Individuals who experience trauma can use a variety of methods to cope with their symptoms. Self-help methods include spending time with friends and family and maintaining social connections. Talking with supportive people about your experiences and struggles can be a healing experience. Additionally, another self-help method is to maintain healthy eating, sleeping, and exercise routines. Taking care of basic physical health needs can help individuals maintain or improve their mental health. For people who need additional help dealing with trauma, behavioral health treatment programs are available.
What are the signs and symptoms of trauma?
Trauma can result in a wide range of symptoms, including:
- Physical symptoms: Trauma may cause individuals to experience increased heart rates, heart palpitations, and sweating. These symptoms result from increased adrenaline output when the person recalls the traumatic event or feels threatened by the prospect of future trauma. Individuals may also experience headaches and stomach pain.
- Emotional and psychological symptoms: Trauma may result in people feeling intense sadness and anxiety. These symptoms are similar to symptoms of depression, and these individuals may avoid social interactions. In other cases, individuals may experience anger and resentment. People may also experience feelings of guilt.
Symptoms from trauma can be overwhelming for people, and many individuals who suffer from trauma do not know where to turn to for help. Unfortunately, these challenges result in some people turning to drugs and alcohol to self-medicate and mask their symptoms. This response can quickly lead to substance abuse issues and chemical dependency.
In extreme cases, the impacts of trauma can lead to self-harm and suicide. People who have suicidal thoughts and need to speak with a behavioral health professional immediately can call the National Suicide Prevention Lifeline at (800) 273-8255. If you or someone you know is ever in immediate danger of physical harm, call 911 for immediate assistance.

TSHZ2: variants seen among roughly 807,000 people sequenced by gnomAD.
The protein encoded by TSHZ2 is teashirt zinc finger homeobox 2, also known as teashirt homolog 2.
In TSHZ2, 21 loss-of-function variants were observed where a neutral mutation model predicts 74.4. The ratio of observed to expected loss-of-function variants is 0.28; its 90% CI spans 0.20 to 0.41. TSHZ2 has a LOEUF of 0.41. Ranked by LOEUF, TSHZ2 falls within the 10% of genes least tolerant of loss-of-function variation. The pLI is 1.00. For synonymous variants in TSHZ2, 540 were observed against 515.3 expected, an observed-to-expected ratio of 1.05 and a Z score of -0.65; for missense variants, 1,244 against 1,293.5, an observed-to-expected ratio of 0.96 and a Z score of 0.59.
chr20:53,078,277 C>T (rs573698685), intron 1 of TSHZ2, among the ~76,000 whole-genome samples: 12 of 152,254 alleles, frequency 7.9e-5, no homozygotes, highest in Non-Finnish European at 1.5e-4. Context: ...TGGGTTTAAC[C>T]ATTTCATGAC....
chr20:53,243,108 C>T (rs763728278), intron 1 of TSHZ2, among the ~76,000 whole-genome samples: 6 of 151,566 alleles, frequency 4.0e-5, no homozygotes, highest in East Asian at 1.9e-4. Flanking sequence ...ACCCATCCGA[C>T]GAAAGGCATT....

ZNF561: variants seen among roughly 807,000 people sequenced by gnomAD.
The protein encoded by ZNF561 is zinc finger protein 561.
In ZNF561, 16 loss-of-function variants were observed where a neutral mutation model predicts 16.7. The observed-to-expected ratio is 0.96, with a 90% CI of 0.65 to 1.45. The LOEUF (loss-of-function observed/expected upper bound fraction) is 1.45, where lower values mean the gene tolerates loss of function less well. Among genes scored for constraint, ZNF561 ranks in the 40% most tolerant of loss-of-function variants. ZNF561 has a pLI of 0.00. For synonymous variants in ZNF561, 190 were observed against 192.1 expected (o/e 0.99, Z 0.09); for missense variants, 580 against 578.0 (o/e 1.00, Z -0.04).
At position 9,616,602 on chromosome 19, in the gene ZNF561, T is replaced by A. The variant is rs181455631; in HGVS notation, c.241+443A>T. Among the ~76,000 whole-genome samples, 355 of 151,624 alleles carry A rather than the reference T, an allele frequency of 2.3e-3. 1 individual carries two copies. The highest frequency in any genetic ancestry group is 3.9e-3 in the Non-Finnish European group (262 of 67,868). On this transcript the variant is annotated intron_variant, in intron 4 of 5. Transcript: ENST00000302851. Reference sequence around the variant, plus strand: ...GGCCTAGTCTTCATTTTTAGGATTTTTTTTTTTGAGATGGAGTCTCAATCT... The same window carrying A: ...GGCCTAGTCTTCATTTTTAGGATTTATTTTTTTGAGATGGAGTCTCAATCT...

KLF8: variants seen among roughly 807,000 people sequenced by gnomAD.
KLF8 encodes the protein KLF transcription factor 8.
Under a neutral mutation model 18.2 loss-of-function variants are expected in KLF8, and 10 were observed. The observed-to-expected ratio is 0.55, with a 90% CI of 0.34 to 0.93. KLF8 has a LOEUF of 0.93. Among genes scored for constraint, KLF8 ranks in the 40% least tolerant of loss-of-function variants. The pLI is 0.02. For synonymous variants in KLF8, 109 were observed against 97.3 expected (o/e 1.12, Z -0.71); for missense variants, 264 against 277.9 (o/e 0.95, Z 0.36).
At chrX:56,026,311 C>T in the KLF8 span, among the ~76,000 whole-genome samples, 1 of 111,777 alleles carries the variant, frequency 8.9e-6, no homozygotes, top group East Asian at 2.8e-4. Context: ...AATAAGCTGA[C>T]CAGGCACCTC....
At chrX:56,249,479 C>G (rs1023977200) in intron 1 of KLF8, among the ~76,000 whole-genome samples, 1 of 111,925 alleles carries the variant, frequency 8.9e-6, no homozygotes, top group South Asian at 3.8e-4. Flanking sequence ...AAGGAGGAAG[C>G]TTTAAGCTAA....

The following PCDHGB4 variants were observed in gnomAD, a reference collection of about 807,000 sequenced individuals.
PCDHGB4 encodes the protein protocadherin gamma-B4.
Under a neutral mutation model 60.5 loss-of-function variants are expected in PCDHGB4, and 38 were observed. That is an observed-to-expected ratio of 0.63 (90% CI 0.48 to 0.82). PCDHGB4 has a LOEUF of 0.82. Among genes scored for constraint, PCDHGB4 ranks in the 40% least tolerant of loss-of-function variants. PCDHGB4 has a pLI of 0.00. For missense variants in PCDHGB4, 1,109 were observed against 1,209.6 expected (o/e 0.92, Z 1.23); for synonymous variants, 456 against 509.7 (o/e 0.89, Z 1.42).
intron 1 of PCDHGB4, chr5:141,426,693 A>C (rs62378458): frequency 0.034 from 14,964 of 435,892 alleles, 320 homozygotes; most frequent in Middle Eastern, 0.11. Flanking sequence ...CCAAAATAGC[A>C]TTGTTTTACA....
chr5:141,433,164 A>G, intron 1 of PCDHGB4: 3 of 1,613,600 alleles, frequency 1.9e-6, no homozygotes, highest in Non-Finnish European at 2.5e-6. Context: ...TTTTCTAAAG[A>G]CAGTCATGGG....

It is important to note that people who experience the same traumatic event may exhibit different symptoms, and some people may not exhibit any symptoms at all. Accordingly, people must be open and transparent about the personal impact of traumatic experiences. People can only get the help they need if they communicate their mental health challenges with others.
How San Antonio Behavioral Healthcare Hospital’s medical staff can help address trauma
A traumatic experience can have a significant impact on a person’s mental health. Without proper treatment, the ongoing effects of trauma can take a toll on an individual’s social relationships, work performance, and physical health, too.
At San Antonio Behavioral Healthcare Hospital, our team provides mental health treatment programs for people who experience mental health challenges from traumatic events. Our treatment programs include inpatient services and outpatient services. Our inpatient programs provide 24/7 monitoring and medication management services for people who need around-the-clock attention from behavioral health professionals. Our outpatient services include intensive outpatient programs and partial hospitalization programs, and they allow patients to receive treatment for trauma-related conditions while maintaining their home routines.
Our treatment programs include individual therapy and group therapy sessions. During treatment sessions, behavioral health professionals help each patient process their trauma. This process includes helping patients cope with and understand the events that caused their trauma. Additionally, behavioral health specialists help each patient improve how they respond to trauma-related symptoms.
In addition to PTSD treatment programs for civilians, we also offer a specialized PTSD treatment program for current and former members of the military. This program, the Victory Trauma program, helps military personnel address the impacts of combat-related trauma in a safe and supportive environment. This program is exclusive to active duty military personnel and veterans, and this allows individuals to receive treatment alongside other people with similar experiences. In addition to PTSD, issues from combat-related trauma may include acute stress disorder and sexual trauma from sexual assault during military service.